I thought I had written on the problems with the Smithman e-fits before, but I cannot find the relevant post. My apologies if this duplicates something earlier.
I wanted to see if the software used to construct the two Smithman e-fits could be identified, given that the quality of the two photos is quite dissimilar. I was hoping from that to get a bit more insight in the methods used by the private investigators to build these. As it turns out, I needn’t have bothered, as the real story lies elsewhere.
Here are the two Smithman e-fits.
Note one is high quality while the other is rough. It is unlikely that both were constructed by the same operator using the same software, though not impossible, as one potential step is enhancing the e-fit using some sort of graphics package.
The e-fits were produced sometime during the employment of Oakley International, according to Henri Exton, who worked on the case at that time. This employment started in March 2008 and ended in September 2008, with the final report, including the e-fits being handed over in November 2008.
So what software was available at the time? In the UK, the packages used by the police were E-FIT and PRO-fit. In the US, they were FACES, Identikit 2000, ComPhotofit, CRIMES, Compusketch, CD-FIT, E-FIT, and Facekit. That is quite a lot of choice, The source that identified these mentioned that it had an example of the results of each of these, but unfortunately it did not. And on my travels I found the names of other packages in use at the time.
The academics were keen to know how effective these tools were and the best methods of deploying them, and it turns out it is far from easy. The following was all known in 2007.
First the operator has to be conversant with the software itself and alternatives it provides.
Second, the operator should know that trying to get a verbal description of facial features is a poor way to go about it. Apparently we process faces as a whole, not as individual parts. So a better method is to start off with a general face, then gradually evolve it until it looks sufficiently accurate.
Third, the operator should know that we tend to recognise faces more from the top half than the bottom half. Oddly, it seems hair style is the most important feature.
Fourth, the operator should know we process faces differently if they are familiar or unfamiliar. This could well be an issue after the blanket media coverage of Gerry McCann’s image.
Fifth, the operator should understand the interaction techniques known as Cognitive Interviews, Context Reinstatement and Conversational Management. Let’s skip these.
I am assuming that as the people in Oakley International were UK-based, one of the two systems used by UK police was deployed. The higher quality e-fit looks like the output from E-FIT, while the lower quality one looks like it came from an earlier version of the same software. Of course, Oakley International could have sub-contracted this work to someone who was familiar with one of the other packages.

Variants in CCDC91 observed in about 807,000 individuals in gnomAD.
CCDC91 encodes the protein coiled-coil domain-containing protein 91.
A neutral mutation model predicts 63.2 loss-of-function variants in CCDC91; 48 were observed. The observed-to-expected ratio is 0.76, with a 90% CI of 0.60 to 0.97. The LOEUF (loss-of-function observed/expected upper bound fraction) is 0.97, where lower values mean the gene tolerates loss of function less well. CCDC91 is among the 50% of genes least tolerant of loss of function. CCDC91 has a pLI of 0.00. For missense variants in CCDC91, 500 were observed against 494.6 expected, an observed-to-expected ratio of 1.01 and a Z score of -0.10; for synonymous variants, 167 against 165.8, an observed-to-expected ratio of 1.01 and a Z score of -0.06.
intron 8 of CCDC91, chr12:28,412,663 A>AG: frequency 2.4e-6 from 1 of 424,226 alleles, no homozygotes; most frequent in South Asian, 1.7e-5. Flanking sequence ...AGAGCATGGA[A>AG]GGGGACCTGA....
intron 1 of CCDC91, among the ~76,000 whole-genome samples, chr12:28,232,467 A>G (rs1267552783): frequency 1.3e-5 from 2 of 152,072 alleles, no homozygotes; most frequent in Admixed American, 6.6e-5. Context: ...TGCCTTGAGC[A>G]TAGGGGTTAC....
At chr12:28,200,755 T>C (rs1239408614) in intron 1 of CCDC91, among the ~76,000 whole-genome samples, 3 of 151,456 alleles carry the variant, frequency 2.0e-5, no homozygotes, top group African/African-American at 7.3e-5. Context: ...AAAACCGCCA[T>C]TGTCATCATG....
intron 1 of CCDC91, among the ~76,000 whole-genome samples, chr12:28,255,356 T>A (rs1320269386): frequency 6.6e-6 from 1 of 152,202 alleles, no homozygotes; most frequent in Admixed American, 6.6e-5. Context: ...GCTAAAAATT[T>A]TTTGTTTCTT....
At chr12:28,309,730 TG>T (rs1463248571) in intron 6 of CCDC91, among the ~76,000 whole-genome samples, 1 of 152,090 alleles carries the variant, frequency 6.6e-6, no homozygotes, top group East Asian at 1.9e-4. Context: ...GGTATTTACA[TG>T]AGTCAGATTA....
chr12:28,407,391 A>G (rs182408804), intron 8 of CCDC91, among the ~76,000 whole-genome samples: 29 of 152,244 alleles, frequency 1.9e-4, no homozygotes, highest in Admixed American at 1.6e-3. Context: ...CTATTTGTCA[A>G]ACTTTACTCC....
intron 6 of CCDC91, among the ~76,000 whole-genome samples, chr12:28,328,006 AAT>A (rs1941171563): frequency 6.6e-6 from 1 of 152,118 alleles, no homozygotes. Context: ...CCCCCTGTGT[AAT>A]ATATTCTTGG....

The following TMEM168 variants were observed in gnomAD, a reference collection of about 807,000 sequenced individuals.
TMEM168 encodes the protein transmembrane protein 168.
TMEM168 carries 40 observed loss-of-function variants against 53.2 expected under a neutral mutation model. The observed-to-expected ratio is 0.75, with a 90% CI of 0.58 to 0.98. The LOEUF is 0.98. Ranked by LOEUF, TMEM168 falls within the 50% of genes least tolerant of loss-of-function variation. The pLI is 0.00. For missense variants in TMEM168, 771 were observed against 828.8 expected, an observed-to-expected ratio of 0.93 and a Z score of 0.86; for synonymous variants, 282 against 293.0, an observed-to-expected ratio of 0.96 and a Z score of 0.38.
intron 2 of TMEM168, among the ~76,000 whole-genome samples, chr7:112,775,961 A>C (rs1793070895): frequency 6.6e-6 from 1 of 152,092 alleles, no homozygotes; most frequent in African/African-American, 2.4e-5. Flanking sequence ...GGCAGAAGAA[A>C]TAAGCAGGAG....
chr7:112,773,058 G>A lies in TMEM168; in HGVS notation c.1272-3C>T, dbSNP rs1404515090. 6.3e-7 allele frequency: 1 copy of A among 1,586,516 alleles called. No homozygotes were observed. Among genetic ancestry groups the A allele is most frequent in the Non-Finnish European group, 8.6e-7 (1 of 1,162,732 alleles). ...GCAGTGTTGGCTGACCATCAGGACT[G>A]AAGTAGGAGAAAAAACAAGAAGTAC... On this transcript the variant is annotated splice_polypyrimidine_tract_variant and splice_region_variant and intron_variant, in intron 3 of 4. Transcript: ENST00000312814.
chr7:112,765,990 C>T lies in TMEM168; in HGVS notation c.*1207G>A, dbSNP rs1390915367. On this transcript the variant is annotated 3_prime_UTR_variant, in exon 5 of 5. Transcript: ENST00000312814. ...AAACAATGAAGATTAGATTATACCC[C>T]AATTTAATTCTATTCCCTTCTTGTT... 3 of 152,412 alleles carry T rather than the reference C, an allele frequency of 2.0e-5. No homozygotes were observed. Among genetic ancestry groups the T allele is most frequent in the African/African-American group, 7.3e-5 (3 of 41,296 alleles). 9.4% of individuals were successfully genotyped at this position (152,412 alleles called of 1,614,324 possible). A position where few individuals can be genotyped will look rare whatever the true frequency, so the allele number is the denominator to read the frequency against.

Whether Oakley International or a sub-contractor had the relevant capability to produce the e-fits claimed by Henri Exton is a matter of conjecture, but it turns out not to matter.
In December 2007, an article appeared in the journal Ergonomics. The authors said the efficacy of e-fits had been widely studied in the UK, and they ran a study to compare package E-FIT (used in both the UK and the US) against other packages used in the US. The relevant finding is the concluding sentence of their abstract. “The results support previous findings that modern systems do not produce identifiable composites.”
This, in my opinion, is a fairly damning indictment of 2007 capability. Please note, UK universities have continually developed much better software since then, but that is of limited relevance to the Madeleine McCann case.
The other thing that came across re 2007/2008 studies was the methods used. To give but one example, a study was done as follows. Volunteers were given a photo of someone they had not seen before, an unfamiliar face. The photo was high quality and well lit. They were allowed to study it for one minute (60 seconds). Four hours later, they participated in attempting to construct an e-fit of the face in the photo. Typical success rates were 15 to 20%.
Contrast this process with the reality of the Smith sighting. The Smiths did not get 60 seconds to study anyone’s face. The lighting was not of a quality to enable e-fit construction. They did not compile the e-fit 4 hours later but some 11 to 17 months later.
The Smiths are not to blame for taking part in an e-fit construction. They were hardly to know that all the science said it was a total waste of time, and the results would be useful only if lady luck shone on the process.
Henri Exton and Oakley International should have known a bit more about a tool they were using. Perhaps they were relying on the expertise of those who produced the software, the training, and the knowledge that e-fits were in common use in the UK and US.
The situation with Operation Grange and DCI Andy Redwood is a little more puzzling. Surely by October 2013 they would have known about some of the issues surrounding those two e-fits? One assumes they had the full Oakley International file, can date the construction of the e-fits, know what software was used to produce them and have some idea of the process used.
I believe DCI Andy Redwood visited Martin Smith a couple of time before Crimewatch 2013, and I wonder if e-fit construction was part of the agenda.
I have just chunked my way through a 26 page thread on the UK Justice Forum, where a key question was when did Operation Grange get the e-fits, and why did Operation Grange wait 2 years until October 2013 before releasing them for Crimewatch? Part of the answer may be they were hoping something more promising would turn up, but by Crimewatch even a very low-grade source was considered to be worth a roll of the dice.